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M&A group has strong ties to Des Moines


Group helps level the playing field for buyers and sellers of mid-sized businesses

A Des Moines-based association is shrinking the world for buyers and sellers of businesses valued at between $2 million and $200 million.

Diversified Management Services, 525 S.W. Fifth St., provides association management services for the International Association of Merger and Acquisition Professionals, a group of 59 merger and acquisition companies and boutique investment banking firms located in 19 countries. The association links buyers and sellers, helping both parties unsnarl complicated regulatory requirements, cultural nuances and protocols, and currency differences they encounter when they do business outside their own countries.

“Members in different countries are automatically contacted,” said Kevin Kruse, IMAP’s executive director. “The contact knows the language, knows the culture, knows the currency and knows the key players in that organization.”

The IMAP, a hybrid of two organizations, retained the name of the old IMAP, which primarily represented buyers and sellers in the domestic market, when it merged in 1995 with the International Association of Merger and Acquisition Consultants, a group of investment bankers primarily doing business in Europe. By combining their resources, the two groups have been able to significantly increase both the number and the value of deals made.

“Many American companies acquiring companies in Europe make the mistake of wanting to implement their own strategy and culture, and this is a good tool to advise American buyers,” said IMAP President Oddbjorn Skredderberget, a principal in the Norwegian merger and acquisition firm Nordic Merger. Skredderberget was in Des Moines recently meeting with Kruse and IMAP Treasurer Mark Esbeck, chairman of Des Moines-based Business Capital Corp. The meeting preceded the IMAP’s semiannual strategy session in New York City.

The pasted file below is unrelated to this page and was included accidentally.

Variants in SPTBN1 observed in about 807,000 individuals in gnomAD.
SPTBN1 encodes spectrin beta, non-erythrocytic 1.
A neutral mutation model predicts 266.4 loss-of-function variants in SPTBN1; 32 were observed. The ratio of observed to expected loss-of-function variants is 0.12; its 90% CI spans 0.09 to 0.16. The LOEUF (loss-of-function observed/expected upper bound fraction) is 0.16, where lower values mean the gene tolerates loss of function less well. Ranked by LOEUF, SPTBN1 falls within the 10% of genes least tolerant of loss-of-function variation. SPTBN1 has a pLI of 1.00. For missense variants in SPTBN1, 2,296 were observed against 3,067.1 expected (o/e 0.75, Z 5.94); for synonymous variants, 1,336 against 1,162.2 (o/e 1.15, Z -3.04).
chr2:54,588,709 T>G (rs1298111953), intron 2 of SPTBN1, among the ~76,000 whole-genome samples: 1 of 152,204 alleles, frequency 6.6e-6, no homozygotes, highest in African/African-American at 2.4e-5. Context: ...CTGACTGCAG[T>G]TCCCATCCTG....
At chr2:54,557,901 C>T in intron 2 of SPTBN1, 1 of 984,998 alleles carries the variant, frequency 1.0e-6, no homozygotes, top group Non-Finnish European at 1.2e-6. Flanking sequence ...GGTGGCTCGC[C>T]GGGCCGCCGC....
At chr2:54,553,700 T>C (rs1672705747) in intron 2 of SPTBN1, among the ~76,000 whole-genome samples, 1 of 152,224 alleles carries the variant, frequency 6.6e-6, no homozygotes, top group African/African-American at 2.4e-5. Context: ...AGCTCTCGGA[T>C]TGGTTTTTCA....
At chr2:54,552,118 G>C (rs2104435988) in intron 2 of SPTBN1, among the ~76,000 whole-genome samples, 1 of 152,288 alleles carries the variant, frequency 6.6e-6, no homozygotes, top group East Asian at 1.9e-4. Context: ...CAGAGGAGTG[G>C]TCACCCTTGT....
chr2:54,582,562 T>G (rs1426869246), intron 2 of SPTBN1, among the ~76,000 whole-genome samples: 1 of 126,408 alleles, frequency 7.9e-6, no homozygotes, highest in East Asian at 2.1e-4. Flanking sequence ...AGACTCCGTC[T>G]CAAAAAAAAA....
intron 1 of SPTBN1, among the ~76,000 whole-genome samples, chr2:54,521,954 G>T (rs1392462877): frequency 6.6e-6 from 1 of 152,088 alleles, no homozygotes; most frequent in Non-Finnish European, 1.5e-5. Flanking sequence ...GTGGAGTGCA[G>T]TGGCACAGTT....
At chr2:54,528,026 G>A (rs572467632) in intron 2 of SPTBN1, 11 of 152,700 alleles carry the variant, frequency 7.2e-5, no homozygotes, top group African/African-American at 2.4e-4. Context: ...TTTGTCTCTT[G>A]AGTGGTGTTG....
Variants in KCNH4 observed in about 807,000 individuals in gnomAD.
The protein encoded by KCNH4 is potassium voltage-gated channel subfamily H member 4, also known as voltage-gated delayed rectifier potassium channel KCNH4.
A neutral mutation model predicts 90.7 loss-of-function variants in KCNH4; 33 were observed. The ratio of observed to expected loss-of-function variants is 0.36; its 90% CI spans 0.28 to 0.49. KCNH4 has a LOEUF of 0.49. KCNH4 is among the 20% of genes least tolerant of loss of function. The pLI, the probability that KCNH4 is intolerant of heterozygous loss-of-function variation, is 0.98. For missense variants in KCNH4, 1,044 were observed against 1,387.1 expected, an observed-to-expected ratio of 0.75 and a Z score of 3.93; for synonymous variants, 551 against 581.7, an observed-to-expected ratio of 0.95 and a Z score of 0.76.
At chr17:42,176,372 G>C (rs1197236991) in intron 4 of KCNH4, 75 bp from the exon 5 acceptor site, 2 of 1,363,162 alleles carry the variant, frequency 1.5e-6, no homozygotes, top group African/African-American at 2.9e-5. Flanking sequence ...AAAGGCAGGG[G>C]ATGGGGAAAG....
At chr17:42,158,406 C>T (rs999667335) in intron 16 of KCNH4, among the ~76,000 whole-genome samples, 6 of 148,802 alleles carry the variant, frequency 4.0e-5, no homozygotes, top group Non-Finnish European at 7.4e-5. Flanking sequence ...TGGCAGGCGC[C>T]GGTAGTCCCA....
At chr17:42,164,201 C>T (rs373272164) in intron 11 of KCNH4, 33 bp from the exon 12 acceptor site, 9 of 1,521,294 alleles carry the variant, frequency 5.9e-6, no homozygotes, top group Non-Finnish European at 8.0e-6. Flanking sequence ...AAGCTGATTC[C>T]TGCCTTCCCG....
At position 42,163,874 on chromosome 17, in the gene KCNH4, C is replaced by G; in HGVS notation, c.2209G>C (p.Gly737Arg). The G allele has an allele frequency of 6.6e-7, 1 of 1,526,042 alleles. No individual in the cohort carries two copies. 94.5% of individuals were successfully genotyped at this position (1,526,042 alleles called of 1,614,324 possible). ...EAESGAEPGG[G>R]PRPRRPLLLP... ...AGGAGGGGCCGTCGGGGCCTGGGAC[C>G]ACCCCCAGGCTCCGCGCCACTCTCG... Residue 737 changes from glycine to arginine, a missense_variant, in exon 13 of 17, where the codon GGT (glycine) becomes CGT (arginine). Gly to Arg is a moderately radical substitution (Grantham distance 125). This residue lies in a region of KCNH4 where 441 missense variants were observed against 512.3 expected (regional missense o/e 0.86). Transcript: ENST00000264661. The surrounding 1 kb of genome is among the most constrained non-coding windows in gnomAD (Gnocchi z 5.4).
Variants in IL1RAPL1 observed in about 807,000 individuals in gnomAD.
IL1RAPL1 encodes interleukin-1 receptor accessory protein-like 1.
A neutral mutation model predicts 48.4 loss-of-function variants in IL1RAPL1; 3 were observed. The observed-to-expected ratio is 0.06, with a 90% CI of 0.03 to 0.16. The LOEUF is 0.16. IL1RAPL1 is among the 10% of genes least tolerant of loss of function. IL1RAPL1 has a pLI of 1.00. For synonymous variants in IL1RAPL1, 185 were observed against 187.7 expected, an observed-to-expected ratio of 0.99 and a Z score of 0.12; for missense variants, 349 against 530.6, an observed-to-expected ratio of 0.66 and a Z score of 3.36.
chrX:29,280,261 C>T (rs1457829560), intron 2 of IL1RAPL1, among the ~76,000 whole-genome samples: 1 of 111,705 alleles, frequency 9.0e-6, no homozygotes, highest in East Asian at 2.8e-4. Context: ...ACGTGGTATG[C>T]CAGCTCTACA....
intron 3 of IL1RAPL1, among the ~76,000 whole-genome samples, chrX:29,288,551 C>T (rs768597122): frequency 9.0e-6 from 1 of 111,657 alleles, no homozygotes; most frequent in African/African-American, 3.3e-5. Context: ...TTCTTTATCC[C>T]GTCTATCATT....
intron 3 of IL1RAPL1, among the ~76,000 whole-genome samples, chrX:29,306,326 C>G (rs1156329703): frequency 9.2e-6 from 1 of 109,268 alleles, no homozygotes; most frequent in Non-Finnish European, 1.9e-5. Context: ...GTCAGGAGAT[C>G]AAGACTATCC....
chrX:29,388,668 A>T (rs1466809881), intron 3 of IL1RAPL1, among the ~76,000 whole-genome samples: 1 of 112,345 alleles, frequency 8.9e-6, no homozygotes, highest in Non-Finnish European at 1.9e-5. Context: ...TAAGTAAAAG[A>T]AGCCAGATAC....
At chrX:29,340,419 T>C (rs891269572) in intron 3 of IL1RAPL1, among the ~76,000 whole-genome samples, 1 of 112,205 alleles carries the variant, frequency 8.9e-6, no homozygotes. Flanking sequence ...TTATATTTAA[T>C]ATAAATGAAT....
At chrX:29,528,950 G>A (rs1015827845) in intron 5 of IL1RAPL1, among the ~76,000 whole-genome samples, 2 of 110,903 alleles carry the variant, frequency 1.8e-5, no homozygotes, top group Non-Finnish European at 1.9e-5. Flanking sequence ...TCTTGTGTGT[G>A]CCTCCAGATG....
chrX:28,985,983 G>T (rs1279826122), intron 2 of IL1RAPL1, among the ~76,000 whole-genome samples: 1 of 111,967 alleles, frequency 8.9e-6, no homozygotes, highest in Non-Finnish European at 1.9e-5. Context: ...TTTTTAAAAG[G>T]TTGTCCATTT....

Such face-to-face meetings are an important ingredient in the association’s formula for building trust among members. M&A is an industry that is either as strong or as fragile as the relationships it builds.  

The IMAP has set increasing both the number and quality of firms involved in the organization as a goal, but membership is nevertheless exclusive. In addition to meeting specified standards, members must have a high level of comfort with other members due to the sensitive nature of M&A negotiations. “You do not want to entrust your client to someone who doesn’t have the same set of ethics,” Esbeck said.  

The 15-year-old firm Esbeck heads primarily represents sellers and does business valuations and merger and acquisition work. Most of the companies he represents are located in the Midwest, but he’s currently working on projects with IMAP affiliates in Brazil and Spain. In a normal year, his company might make a half-dozen or more deals, each ranging from $5 million to $20 million in value.  

Business Capital Corp. is a generalist firm that works with companies in the service, food, manufacturing, construction, information technology and financial services sectors, but is focusing more on specialty food businesses such as meat processing plants and others that add value to food products. In Brazil, he is representing a U.S. company interested in buying a chicken processing plant.